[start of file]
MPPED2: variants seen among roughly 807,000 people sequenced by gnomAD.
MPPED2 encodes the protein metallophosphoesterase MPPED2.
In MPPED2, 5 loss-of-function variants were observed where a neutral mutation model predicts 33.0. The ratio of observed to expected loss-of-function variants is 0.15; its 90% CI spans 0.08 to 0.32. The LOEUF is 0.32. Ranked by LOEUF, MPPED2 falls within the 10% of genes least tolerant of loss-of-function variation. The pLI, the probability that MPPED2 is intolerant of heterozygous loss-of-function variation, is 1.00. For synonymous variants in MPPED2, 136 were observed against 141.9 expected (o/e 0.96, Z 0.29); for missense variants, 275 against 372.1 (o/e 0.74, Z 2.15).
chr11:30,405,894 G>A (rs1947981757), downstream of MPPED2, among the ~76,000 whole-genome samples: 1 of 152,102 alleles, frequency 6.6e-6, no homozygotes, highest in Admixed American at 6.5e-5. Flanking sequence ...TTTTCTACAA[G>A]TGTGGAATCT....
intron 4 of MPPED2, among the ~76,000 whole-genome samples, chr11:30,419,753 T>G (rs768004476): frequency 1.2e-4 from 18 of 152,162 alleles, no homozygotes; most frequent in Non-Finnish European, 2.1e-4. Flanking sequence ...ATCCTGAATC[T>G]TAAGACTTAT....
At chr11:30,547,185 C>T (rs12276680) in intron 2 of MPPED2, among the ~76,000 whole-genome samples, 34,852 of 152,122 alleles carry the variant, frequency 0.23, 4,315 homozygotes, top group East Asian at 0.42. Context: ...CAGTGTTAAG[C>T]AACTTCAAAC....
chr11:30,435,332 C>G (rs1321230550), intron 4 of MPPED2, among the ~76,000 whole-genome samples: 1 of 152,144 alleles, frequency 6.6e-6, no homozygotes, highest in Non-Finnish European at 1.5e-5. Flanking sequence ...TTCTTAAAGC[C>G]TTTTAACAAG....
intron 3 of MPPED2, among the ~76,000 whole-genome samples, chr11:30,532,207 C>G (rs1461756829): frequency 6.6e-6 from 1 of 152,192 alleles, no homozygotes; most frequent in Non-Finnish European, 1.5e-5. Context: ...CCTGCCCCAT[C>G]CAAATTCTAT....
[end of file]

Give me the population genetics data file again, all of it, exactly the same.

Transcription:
MPPED2: variants seen among roughly 807,000 people sequenced by gnomAD.
MPPED2 encodes the protein metallophosphoesterase MPPED2.
In MPPED2, 5 loss-of-function variants were observed where a neutral mutation model predicts 33.0. The ratio of observed to expected loss-of-function variants is 0.15; its 90% CI spans 0.08 to 0.32. The LOEUF is 0.32. Ranked by LOEUF, MPPED2 falls within the 10% of genes least tolerant of loss-of-function variation. The pLI, the probability that MPPED2 is intolerant of heterozygous loss-of-function variation, is 1.00. For synonymous variants in MPPED2, 136 were observed against 141.9 expected (o/e 0.96, Z 0.29); for missense variants, 275 against 372.1 (o/e 0.74, Z 2.15).
chr11:30,405,894 G>A (rs1947981757), downstream of MPPED2, among the ~76,000 whole-genome samples: 1 of 152,102 alleles, frequency 6.6e-6, no homozygotes, highest in Admixed American at 6.5e-5. Flanking sequence ...TTTTCTACAA[G>A]TGTGGAATCT....
intron 4 of MPPED2, among the ~76,000 whole-genome samples, chr11:30,419,753 T>G (rs768004476): frequency 1.2e-4 from 18 of 152,162 alleles, no homozygotes; most frequent in Non-Finnish European, 2.1e-4. Flanking sequence ...ATCCTGAATC[T>G]TAAGACTTAT....
At chr11:30,547,185 C>T (rs12276680) in intron 2 of MPPED2, among the ~76,000 whole-genome samples, 34,852 of 152,122 alleles carry the variant, frequency 0.23, 4,315 homozygotes, top group East Asian at 0.42. Context: ...CAGTGTTAAG[C>T]AACTTCAAAC....
chr11:30,435,332 C>G (rs1321230550), intron 4 of MPPED2, among the ~76,000 whole-genome samples: 1 of 152,144 alleles, frequency 6.6e-6, no homozygotes, highest in Non-Finnish European at 1.5e-5. Flanking sequence ...TTCTTAAAGC[C>G]TTTTAACAAG....
intron 3 of MPPED2, among the ~76,000 whole-genome samples, chr11:30,532,207 C>G (rs1461756829): frequency 6.6e-6 from 1 of 152,192 alleles, no homozygotes; most frequent in Non-Finnish European, 1.5e-5. Context: ...CCTGCCCCAT[C>G]CAAATTCTAT....